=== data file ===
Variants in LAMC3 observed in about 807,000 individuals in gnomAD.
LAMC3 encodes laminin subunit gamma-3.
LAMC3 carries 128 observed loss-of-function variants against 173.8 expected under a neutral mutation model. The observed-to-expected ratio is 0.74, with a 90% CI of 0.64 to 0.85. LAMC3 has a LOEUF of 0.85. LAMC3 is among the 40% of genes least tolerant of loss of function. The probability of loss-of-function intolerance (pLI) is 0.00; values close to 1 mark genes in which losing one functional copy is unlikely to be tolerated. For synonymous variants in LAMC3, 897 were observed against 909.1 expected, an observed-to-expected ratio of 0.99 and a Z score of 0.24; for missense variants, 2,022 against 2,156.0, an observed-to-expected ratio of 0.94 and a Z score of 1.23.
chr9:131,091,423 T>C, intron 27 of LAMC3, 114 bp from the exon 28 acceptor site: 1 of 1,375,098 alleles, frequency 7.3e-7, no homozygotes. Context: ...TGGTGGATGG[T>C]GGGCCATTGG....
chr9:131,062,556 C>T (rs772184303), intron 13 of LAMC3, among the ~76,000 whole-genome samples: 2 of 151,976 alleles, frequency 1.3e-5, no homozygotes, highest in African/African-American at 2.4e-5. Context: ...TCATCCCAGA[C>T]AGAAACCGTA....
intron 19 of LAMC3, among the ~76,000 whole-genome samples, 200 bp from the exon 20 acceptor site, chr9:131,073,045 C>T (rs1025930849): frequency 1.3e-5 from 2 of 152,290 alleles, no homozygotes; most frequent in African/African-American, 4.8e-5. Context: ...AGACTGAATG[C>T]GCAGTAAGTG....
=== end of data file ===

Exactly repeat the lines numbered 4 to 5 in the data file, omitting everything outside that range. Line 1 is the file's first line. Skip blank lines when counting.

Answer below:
chr9:131,091,423 T>C, intron 27 of LAMC3, 114 bp from the exon 28 acceptor site: 1 of 1,375,098 alleles, frequency 7.3e-7, no homozygotes. Context: ...TGGTGGATGG[T>C]GGGCCATTGG....
chr9:131,062,556 C>T (rs772184303), intron 13 of LAMC3, among the ~76,000 whole-genome samples: 2 of 151,976 alleles, frequency 1.3e-5, no homozygotes, highest in African/African-American at 2.4e-5. Context: ...TCATCCCAGA[C>T]AGAAACCGTA....